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#SocialMediaBlackOut ironically trends on Twitter in South Africa

Yesterday we wrote about #SocialMediaBlackOut — a hashtag that trended on South Africa’s Twitter timeline for much of the week. Today it culminate in a 24-hour boycott of all social media activities. But judging by my timeline, some users aren’t playing ball.

The hashtag, which appeared on Monday as a spinoff of #DataMustFall — aims to lurch people into taking action against steep data prices in South Africa.

As a campaign, the blackout centres on two notions. Firstly, if users refrain from purchasing data, it affects telecommunication companies’ bottom line. Secondly, not camping on social media for a day renders social advertising campaigns redundant.

While both points make sense to some degree, people aren’t staying true to the hashtag itself. And Twitter users (who ironically aren’t supposed to be using Twitter at all) are seemingly well aware of this.

“Everyone supporting the social media shutdown is tweeting bout it instead of being offline. Mara why?” read one tweet.

And yes, we do see the irony.

The hashtag is also, at the time of writing, trending in South Africa. If people continue to tweet about a trending topic, it’s going to continue to trend.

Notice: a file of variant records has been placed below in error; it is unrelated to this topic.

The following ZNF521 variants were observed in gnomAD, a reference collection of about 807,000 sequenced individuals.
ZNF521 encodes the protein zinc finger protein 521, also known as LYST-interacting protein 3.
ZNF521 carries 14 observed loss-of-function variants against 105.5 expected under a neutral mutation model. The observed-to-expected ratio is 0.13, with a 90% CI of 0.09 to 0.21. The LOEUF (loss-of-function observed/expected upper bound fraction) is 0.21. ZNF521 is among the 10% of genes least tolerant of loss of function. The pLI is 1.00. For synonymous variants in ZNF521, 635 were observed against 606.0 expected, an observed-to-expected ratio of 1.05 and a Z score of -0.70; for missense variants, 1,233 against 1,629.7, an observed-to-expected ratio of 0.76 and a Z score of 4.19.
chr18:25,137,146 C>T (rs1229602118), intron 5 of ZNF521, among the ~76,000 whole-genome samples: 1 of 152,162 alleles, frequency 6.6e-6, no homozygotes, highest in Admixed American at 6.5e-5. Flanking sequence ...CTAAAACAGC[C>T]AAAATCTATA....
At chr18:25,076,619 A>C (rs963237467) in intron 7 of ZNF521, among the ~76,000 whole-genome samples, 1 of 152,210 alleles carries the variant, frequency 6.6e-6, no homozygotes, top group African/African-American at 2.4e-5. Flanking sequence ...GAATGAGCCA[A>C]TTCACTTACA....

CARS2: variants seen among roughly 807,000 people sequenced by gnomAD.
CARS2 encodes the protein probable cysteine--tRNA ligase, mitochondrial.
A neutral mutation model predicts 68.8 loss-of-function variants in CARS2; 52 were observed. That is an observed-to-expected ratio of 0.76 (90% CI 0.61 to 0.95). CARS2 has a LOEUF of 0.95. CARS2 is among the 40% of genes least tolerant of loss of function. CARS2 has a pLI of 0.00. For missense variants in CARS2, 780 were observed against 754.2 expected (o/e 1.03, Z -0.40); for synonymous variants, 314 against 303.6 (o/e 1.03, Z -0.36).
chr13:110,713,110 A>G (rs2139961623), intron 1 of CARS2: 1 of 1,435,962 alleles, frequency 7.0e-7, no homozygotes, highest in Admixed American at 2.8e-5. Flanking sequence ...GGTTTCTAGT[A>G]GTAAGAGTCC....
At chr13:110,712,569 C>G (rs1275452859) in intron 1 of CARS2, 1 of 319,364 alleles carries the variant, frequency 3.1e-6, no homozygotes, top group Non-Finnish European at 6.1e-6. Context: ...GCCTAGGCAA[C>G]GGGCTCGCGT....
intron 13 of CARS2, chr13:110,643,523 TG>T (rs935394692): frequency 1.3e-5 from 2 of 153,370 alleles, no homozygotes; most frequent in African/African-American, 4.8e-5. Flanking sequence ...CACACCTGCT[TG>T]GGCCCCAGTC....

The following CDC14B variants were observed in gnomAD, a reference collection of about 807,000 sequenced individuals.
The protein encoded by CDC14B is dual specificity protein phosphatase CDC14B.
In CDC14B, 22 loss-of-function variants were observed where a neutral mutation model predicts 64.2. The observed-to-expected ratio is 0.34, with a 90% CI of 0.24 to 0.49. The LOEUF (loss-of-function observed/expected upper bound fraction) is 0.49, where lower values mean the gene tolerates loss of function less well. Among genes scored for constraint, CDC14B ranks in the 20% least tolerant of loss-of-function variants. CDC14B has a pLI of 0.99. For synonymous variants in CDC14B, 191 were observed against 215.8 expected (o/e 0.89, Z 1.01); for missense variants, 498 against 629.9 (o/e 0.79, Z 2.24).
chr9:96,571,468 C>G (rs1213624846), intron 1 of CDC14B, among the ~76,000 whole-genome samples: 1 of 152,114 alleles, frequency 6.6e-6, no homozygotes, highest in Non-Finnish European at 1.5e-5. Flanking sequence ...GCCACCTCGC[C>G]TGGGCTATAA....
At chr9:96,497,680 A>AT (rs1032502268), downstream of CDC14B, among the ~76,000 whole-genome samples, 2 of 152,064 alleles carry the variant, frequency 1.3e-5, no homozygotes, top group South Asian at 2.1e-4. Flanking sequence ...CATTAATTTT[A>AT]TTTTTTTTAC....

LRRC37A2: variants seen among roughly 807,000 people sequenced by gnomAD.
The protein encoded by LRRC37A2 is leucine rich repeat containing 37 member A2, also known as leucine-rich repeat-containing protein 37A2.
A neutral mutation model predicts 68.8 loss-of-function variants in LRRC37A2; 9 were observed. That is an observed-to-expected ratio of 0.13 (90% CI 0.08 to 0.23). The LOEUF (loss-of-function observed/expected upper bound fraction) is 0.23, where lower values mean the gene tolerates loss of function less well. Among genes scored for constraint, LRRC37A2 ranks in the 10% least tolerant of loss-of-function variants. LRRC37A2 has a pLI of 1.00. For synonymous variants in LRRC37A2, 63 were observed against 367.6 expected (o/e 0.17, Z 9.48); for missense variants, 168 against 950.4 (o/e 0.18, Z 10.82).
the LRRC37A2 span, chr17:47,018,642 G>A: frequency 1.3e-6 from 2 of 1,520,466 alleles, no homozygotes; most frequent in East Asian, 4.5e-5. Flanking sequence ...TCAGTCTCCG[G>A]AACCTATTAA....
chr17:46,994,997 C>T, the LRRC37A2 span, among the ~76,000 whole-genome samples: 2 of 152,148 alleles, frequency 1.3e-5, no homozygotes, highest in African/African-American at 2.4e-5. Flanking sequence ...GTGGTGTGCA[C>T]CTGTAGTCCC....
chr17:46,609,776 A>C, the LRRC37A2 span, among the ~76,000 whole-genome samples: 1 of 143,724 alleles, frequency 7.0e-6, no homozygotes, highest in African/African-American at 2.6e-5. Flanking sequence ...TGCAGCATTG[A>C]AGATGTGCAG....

So what’s the problem with #SocialMediaBlackOut?

That’s a great question, and can be answered in a number of ways.

Firstly, hashtags live and breathe on Twitter. If 140 characters is the blood of the network, hashtags are the veins. It’s how information is organised and structured, and makes Twitter a notable way of tracking social movements and current events.

The #ArabSpring, #FeesMustFall and even the #OccupyWallSt movements all gained traction through conversation on social media, not silence.

Read more: #FeesMustFall: how SA students are using social to subvert traditional media

This then puts the spotlight on the hashtag itself, #SocialMediaBlackOut. It doesn’t address the real issue at heart — data prices –in its name, and thus somewhat deflects attention away from its intended message.

Compare this to #DataMustFall: a hashtag that piggybacks on the #MustFall meme that swept through South Africa in the past two years. Users also know what #DataMustFall’s message entails simply by glancing at it, at least based on the meme.

#SocialMediaBlackOut? Not so much.

Ultimately, the campaign might be working on the likes of Facebook and Instagram. Few if any mentions of the hashtag can be found on either.

That’s definitely not the case on Twitter.

Nevertheless, the hashtag has spurned conversation surrounding the relationship of consumers to their data providers, the nature of social media’s relationship to its users, and the notion of the internet as a basic human right.

Author | Andy Walker: Editor

Andy Walker: Editor
Camper by day, run-and-gunner by night, Andy prefers his toast like his coffee -- dark and crunchy. Specialising in spotting the next big Instagram cat star, Andy also dabbles in smartphone and game reviews over on Gearburn. More